Oil tumbled nearly $2 a barrel below $70 on Tuesday as Hurricane Dean lost strength, easing concerns of supply disruptions from Mexico and the U.S. Gulf where oil installations were threatened by the powerful storm.
U.S. crude was $1.70 down at $69.42 a barrel by 12:10 p.m. EDT, the first time it has fallen below $70 since July 2.
It had dropped 86 cents in the previous session after forecasts showed that Dean was moving towards Mexico and would skirt the U.S. Gulf that is home to half of the country's refining capacity and a third of its oil production.
London Brent crude fell $1.21 to $68.65.
Some lengths may have been kept just in case there was some damage to installations in Mexico. As soon as the market realized that there would not be any damage, correction has continued, said Olivier Jakob at Petromatrix.
U.S. crude has tested the $70 psychological support level several times in the past week, and some dealers had predicted a breach of that level could trigger another bout of heavy selling.
Hurricane Dean weakened to a Category 2 storm from a monster Category 5 as it crossed Mexico's Yucatan Peninsula on Tuesday, with peak sustained winds now at 105 miles per hour (170 kph), the U.S. National Hurricane Center said in an update.
Dean, the Atlantic season's first major storm, had caused mass evacuations of personnel at many of Mexico's oil and gas wells, and forced the country to suspend oil exports from three of its major oil ports.
Mexico's state oil company Pemex shut in 2.65 million bpd of oil output -- slightly more than Venezuela's entire production.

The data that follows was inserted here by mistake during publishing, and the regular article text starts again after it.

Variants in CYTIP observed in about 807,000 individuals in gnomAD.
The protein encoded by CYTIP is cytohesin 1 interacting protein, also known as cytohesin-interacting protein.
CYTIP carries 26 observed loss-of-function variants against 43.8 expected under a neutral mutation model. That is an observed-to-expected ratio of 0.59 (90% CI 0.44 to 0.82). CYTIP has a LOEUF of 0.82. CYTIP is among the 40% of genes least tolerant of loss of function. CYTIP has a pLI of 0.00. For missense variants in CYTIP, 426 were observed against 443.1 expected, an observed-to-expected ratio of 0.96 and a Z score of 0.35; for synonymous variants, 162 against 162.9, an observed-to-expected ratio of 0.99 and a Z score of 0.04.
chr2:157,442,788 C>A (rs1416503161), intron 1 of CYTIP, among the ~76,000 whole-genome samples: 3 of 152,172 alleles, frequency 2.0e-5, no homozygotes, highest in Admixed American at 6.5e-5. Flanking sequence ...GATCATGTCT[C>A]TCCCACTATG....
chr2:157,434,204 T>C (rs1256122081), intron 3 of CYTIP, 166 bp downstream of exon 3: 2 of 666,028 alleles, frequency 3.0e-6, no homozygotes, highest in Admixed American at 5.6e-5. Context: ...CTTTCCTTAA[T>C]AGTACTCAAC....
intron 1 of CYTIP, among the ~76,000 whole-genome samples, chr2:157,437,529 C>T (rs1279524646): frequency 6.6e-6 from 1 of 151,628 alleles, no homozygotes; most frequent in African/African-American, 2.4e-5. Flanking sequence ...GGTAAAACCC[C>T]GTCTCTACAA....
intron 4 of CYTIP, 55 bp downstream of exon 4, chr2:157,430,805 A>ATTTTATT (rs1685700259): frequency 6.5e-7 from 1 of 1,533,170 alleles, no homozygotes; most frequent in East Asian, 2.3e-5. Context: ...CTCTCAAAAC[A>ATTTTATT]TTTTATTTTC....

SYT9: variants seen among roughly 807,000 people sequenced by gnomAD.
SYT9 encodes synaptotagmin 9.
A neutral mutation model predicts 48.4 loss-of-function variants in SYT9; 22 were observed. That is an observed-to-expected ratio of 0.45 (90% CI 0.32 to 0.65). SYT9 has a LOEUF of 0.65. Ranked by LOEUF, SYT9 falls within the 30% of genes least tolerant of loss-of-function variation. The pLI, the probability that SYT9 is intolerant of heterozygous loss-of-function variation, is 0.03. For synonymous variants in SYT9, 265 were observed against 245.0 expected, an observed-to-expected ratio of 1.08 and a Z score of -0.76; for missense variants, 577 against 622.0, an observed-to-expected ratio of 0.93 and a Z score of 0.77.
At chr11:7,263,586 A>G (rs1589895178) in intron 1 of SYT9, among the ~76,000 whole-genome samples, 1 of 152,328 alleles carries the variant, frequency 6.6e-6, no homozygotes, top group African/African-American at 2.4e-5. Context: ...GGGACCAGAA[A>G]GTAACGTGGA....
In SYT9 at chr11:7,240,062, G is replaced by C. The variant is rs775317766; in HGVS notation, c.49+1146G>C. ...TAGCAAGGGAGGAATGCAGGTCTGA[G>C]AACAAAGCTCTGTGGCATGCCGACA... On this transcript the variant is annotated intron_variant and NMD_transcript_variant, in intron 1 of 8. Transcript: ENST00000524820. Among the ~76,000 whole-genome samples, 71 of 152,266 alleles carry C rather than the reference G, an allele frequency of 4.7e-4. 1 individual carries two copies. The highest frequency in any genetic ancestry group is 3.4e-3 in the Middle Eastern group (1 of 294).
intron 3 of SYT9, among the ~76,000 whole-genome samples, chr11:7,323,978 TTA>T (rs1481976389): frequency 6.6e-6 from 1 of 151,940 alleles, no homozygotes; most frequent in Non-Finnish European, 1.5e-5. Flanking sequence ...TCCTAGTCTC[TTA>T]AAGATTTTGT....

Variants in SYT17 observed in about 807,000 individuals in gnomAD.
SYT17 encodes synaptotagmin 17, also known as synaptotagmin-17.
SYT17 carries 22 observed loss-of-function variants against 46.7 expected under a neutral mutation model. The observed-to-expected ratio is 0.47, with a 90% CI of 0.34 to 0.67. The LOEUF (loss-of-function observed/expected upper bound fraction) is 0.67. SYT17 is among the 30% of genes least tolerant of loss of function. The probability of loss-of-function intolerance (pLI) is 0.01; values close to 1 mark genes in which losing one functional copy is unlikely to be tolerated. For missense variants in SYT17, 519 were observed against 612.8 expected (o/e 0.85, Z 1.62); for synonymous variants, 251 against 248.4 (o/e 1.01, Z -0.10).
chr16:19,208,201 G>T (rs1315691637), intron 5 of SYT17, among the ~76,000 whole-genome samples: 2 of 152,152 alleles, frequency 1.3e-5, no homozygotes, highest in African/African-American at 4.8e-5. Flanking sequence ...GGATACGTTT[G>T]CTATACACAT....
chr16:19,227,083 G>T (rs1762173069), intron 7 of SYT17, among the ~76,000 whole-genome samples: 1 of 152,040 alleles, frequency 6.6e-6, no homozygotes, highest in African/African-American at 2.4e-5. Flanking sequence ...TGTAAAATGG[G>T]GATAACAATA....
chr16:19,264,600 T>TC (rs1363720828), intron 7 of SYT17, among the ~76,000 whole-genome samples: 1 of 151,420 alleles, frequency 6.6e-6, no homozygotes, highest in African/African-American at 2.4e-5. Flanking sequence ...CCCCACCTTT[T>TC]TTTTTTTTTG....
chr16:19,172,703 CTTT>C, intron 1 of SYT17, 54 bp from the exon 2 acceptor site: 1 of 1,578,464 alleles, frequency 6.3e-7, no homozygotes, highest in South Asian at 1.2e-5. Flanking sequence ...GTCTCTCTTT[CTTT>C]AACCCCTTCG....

U.S. oil and gas operators began returning workers to installations.
EMERGENCY OIL LOANS
The U.S. government also said it was ready to make emergency oil loans from the nation's Strategic Petroleum Reserve to refineries, if necessary, to help offset any loss from Mexico, which supplies 13 percent of U.S. imports.
The oil market continued to watch financial markets for signs of further turmoil that could spur more sell-off of oil positions by investors to raise cash amid a credit squeeze on account of the U.S. subprime mortgage crisis.
The credit squeeze has seen central banks across the world inject cash into banking systems, and last week forced the U.S. Federal Reserve to announce a surprise cut to a key rate at which it lends short-term funds to banks.
European stock markets closed lower, while U.S. stocks edged higher in choppy trading.
U.S. Treasury Secretary Henry Paulson said the global financial turmoil would take time to play out while noting that the global economy remained strong.
China's central bank raised interest rates for the fourth time this year, aiming to counter expectations of accelerating inflation.
The U.S. weekly oil inventory data to be released on Wednesday is likely to show crude stocks fell 2.9 million barrels, gasoline stocks down 900,000 barrels, and distillate stocks up 800,000 barrels, a preliminary poll showed.